It's that time of year again – when deafening bombs are launched into the air, flammable sticks are thrust into the hands of infants, and everyone stands a bit too close to a roaring fire.
Yes, it's that cavalcade of danger, Bonfire Night, the night that's meant to be fun but ends up being a stressful quest to keep your child's body, soul, fingers and ear drums intact.
But if we can deal with teething, nappy rash and tantrums, we can handle this. Just read our handy guide and we'll get through this Guy Fawkes thing together...
1. First and foremost, it is important to stay hydrated at all times.
'Take mulled wine in flasks, and nod serenely at the Cub leader on the gate when they comment on how sensible you arecoffee,' suggests Christina.
2. Make your children aware of the dangers...but not TOO aware.
Halloween may have eclipsed Bonfire Night in recent years, but no amount of Trick or Treating can beat the very real dangers of dynamite. And some parents are less relaxed about the risks than others.
'My mother traumatised me every bonfire night with tales of burnt faces, exploded hands and hair on fire,' says Ella. 'It got to the point where I was afraid to even hold a sparkler for more that three seconds. She would follow us round with a bucket of cold water, in which we were to place the used sparklers "IMMEDIATELY" '
3. Be prepared for it all to go a bit wrong.
'Last year we missed it all waiting for chips, my 14-month-old vomited all over the car and my nephew jammed his finger in the car door. It was a memorable one!' says Joanna.
'We spent four minutes at a local display last year, the family's first time,' adds Jack. 'Kids leapt into our arms, terrified, and we dropped our hot dogs.'
4. Protect children against loud noises.
Even though children claim to love bright colours, explosions and excitement, they can be total wusses when it comes to Bonfire Night. At the first sign of a Roman Candle they're sticking their fingers in their ears, whimpering and running for their lives.
So make it short and muffled, advises Louise. 'Cotton wool in ears, hoody up, ear muffs, bobble hat over that, then duffle coat hood up and tied with scarf. Two minutes, then go back to the car.'
5. Don't lose the kids in the dark.
'Once, when my kids were young, I went to a firework display in the park, and my three-year-old went missing,' says Em. 'I was frantic, and eventually I found him at the front of the crowd, watching a Catherine Wheel. I am not a fan.'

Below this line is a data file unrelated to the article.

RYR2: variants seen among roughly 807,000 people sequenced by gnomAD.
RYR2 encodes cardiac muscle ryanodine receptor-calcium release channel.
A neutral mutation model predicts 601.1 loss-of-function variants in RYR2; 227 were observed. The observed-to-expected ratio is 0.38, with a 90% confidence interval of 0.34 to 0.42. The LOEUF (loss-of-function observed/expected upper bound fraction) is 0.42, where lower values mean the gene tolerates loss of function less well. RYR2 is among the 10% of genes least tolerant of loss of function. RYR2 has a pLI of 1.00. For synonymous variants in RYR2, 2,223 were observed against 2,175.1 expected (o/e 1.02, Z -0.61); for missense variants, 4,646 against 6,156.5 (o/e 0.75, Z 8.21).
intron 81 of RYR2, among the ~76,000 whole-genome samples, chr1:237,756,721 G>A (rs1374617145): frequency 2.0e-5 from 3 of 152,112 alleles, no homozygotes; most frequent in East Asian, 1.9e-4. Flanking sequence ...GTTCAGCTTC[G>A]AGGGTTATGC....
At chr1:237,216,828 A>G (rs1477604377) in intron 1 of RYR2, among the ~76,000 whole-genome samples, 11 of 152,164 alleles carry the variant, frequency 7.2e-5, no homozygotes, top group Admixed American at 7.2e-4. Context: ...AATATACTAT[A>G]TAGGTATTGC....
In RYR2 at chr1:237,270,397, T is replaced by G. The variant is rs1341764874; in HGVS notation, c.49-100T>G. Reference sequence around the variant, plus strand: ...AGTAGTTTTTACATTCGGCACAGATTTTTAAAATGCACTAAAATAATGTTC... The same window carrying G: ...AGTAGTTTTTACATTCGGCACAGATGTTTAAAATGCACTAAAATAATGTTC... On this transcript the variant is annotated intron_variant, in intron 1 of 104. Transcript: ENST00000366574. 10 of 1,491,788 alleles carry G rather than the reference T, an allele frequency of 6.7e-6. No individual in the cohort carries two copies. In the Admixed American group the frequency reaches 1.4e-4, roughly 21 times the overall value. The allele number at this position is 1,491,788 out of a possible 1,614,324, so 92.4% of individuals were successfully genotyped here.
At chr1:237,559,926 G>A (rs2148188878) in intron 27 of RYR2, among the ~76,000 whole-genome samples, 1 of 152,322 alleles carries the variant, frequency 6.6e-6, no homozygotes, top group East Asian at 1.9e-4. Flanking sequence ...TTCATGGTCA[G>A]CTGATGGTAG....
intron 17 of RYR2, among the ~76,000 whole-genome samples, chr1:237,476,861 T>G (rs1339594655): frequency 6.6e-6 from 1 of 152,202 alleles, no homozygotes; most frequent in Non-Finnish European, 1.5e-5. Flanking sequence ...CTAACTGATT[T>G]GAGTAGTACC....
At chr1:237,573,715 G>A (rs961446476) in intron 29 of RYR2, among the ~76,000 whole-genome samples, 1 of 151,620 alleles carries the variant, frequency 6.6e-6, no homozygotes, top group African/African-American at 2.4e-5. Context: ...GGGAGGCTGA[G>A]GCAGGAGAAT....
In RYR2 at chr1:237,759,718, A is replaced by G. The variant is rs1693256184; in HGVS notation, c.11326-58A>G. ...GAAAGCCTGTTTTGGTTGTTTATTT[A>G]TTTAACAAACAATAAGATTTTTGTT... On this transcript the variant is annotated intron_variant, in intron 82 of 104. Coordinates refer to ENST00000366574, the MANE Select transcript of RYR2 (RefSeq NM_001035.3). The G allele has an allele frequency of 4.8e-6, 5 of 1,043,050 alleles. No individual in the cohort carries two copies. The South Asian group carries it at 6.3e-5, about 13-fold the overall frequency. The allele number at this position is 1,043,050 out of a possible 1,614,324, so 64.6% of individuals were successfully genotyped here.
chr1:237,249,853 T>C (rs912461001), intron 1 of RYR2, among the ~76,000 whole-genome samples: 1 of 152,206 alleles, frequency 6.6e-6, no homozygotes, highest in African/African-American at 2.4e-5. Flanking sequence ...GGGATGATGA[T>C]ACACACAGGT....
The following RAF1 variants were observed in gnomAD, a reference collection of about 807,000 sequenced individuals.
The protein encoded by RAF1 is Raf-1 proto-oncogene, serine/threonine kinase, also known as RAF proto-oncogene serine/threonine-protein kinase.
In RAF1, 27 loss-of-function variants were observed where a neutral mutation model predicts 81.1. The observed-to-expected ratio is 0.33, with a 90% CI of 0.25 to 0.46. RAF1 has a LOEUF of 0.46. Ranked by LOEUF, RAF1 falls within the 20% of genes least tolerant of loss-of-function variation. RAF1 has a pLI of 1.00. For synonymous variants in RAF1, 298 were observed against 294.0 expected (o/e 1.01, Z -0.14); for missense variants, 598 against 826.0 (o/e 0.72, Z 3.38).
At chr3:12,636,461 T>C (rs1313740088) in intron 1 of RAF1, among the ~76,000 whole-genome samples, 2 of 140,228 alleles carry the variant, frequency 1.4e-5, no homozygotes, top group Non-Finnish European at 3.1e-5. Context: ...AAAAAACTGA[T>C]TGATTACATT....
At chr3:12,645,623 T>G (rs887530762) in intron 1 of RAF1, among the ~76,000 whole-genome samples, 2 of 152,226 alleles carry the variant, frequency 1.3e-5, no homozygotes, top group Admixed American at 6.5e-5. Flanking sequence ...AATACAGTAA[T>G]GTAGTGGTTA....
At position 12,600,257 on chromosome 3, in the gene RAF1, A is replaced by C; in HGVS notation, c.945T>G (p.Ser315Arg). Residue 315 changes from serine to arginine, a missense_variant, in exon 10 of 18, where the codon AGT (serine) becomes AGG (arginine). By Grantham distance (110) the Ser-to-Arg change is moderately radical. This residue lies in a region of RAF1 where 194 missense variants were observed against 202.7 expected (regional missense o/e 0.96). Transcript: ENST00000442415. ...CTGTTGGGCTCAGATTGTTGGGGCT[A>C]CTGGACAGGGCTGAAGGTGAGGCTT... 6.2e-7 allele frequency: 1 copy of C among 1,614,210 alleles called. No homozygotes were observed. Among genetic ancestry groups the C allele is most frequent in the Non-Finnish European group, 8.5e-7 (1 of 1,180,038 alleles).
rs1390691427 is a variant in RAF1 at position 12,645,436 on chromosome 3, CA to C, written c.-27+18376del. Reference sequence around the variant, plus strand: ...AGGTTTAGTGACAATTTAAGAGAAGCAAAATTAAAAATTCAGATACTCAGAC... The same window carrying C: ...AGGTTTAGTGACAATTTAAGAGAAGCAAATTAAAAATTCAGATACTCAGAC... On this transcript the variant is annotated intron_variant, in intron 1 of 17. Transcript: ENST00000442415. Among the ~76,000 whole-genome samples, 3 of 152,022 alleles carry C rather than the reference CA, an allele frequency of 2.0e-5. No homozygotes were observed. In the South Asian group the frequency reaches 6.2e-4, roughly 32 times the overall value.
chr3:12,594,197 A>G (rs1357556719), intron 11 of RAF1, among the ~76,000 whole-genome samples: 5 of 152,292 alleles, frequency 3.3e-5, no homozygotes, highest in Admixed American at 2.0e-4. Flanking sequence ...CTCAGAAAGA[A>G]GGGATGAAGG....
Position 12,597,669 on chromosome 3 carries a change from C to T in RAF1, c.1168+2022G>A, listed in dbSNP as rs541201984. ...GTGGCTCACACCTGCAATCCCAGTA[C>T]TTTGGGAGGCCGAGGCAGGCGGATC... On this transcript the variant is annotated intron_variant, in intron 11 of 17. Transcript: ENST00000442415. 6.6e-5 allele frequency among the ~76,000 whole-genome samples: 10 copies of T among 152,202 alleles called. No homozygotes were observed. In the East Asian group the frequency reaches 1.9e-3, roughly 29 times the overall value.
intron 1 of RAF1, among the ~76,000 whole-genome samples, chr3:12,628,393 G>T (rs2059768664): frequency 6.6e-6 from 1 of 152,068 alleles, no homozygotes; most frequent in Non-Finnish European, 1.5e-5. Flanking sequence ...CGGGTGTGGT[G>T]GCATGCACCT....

6. Stand well back.
'I will always follow the 'firework code' says father of one, Ashley. 'I was truly traumatised by the 1980s government ad featuring a withered, green, wooly, post-sparkler-accident child's glove. It should have had an 18 certificate.'
7. Keep animals under control.
'We always had disasters on Bonfire Night,' says Sarah. 'Once a Chinese lantern ended up in next door's tree, and the dog once escaped and we had to lure him from under a hedge with a sausage.'
8. Don't Trust Dad.
Men may enjoy fire in a primal sort of way, but that does not make them natural pyrotechnicians.
'My dad nailed a Catherine Wheel to the fence and set it on fire.' says Adele.
'I remember the time when my Dad lit the bonfire by trailing petrol in a line out -to a safe distance,' says Jane. 'Trailed it right over my brother's welly thinking he would move when he lit it. My brother didn't notice though - and so Dad basically set his foot on fire. Fun times!'
9. Never return to a firework.
'Everyone knows the rules - don't go back to a lit firework, always wear gloves with sparklers, keep fireworks in a Foxes biscuit tin etc.' says Louisa.
'That didn't stop me and my older brother collecting all the used fireworks, emptying them together and making bombs though - usually while Mum and Dad were suffering the effects of Mum's home brew. Now there's a bit of good parenting!'
10. Above all, though, have fun!
It's a special night. A night of atmosphere, beauty and drama. And when your children grow up, they'll have special memories, such as this one, from Baz. 'My mate got up the duff behind the bonfire,' He recalls, misty eyed. And so the circle of life continues, and a new generation will one day stand in the dark, crying as explosions go off all around them, and wondering why their wellies are on fire...